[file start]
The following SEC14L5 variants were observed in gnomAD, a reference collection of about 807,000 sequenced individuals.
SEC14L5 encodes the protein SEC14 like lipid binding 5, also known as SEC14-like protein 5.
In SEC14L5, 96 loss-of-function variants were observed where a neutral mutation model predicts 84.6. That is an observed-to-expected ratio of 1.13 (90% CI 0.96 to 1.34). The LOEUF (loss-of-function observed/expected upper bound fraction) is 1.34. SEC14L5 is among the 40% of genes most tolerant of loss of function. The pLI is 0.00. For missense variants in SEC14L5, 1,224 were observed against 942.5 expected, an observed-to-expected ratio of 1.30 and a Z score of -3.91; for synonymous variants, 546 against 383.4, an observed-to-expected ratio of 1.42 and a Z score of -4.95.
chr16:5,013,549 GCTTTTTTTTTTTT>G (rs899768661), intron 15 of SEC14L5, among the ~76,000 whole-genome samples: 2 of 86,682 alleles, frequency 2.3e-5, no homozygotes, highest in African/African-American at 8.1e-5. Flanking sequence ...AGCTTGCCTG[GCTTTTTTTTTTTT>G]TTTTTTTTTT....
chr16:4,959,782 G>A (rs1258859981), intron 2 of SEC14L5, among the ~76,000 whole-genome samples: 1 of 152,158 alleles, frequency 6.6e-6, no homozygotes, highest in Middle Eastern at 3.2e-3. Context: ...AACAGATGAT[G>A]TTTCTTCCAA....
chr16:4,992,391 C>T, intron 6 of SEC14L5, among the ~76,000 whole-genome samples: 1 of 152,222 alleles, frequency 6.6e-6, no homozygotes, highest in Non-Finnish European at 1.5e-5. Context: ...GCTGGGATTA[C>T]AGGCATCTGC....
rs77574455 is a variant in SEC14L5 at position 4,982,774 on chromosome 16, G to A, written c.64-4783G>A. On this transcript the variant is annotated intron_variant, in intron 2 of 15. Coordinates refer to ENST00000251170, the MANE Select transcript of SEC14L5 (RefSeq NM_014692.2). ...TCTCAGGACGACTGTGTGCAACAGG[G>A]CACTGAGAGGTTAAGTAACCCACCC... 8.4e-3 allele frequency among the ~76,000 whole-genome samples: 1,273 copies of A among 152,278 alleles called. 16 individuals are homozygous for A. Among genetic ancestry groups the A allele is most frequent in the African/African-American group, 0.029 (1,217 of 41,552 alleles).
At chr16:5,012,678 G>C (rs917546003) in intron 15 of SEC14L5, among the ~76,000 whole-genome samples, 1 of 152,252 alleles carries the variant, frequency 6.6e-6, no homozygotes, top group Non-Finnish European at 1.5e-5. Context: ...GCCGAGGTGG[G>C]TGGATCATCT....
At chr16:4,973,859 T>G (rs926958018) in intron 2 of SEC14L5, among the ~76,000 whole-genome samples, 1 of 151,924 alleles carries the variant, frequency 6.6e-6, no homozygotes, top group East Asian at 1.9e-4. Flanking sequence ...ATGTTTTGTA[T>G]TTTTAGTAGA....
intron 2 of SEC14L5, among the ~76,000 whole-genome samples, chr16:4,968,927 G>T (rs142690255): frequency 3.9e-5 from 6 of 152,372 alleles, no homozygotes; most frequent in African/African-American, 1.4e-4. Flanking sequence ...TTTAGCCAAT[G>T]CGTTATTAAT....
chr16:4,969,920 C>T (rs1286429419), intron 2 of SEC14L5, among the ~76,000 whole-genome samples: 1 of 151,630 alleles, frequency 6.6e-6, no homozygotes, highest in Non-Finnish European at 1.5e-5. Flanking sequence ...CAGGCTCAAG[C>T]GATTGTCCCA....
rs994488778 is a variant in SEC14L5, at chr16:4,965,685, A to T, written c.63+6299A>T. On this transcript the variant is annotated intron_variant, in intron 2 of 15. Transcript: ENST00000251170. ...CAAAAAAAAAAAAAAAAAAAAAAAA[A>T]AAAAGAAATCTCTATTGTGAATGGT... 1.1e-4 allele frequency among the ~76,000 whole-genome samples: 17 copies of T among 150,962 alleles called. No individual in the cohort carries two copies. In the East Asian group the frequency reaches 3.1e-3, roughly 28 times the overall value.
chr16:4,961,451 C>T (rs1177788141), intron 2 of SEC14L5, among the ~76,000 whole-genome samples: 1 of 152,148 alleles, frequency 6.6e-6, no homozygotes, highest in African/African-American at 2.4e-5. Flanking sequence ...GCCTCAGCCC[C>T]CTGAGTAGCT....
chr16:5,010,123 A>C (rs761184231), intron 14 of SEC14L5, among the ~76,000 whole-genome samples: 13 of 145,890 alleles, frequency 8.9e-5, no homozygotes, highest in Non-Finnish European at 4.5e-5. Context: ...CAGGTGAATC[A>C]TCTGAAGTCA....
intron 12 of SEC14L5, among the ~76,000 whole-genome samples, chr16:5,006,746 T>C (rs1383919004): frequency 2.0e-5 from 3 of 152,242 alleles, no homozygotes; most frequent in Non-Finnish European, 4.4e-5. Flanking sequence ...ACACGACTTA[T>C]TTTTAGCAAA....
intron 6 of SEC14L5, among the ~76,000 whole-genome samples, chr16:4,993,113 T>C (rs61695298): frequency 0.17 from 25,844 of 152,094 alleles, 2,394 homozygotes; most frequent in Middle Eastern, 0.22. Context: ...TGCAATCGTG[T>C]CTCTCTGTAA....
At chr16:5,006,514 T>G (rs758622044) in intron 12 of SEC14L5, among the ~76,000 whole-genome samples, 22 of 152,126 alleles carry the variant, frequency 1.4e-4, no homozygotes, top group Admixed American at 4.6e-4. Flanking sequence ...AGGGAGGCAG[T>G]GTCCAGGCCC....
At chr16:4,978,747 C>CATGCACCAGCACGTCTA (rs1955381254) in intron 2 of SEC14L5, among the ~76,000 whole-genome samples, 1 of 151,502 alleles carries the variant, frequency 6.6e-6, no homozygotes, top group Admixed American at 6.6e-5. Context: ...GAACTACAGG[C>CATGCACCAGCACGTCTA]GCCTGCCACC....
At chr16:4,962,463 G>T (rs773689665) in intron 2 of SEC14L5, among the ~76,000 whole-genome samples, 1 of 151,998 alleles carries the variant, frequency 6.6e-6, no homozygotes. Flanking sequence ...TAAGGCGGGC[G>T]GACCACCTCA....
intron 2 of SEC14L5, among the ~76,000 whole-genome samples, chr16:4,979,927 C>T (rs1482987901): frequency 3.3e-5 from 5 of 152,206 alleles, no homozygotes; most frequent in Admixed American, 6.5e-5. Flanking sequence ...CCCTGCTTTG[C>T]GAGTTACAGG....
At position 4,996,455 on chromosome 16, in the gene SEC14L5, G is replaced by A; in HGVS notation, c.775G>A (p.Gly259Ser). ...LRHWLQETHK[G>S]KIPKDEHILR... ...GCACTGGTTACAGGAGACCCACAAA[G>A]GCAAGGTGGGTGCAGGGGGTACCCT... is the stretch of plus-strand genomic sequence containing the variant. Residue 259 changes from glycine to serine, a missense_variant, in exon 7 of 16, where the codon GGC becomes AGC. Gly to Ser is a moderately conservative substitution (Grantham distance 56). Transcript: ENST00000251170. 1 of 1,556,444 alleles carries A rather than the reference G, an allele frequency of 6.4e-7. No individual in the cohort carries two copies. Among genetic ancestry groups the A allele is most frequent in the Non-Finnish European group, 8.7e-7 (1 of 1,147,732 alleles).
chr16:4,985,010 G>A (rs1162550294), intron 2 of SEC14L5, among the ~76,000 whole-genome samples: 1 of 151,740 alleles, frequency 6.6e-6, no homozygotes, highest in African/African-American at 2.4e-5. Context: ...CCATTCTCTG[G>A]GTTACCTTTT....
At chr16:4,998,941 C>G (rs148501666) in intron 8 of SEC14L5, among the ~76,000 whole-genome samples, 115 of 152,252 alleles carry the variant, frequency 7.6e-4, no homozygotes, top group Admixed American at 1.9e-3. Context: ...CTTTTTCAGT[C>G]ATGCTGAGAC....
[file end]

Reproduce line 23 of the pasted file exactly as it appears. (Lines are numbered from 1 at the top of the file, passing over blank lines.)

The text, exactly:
At chr16:4,998,941 C>G (rs148501666) in intron 8 of SEC14L5, among the ~76,000 whole-genome samples, 115 of 152,252 alleles carry the variant, frequency 7.6e-4, no homozygotes, top group Admixed American at 1.9e-3. Context: ...CTTTTTCAGT[C>G]ATGCTGAGAC....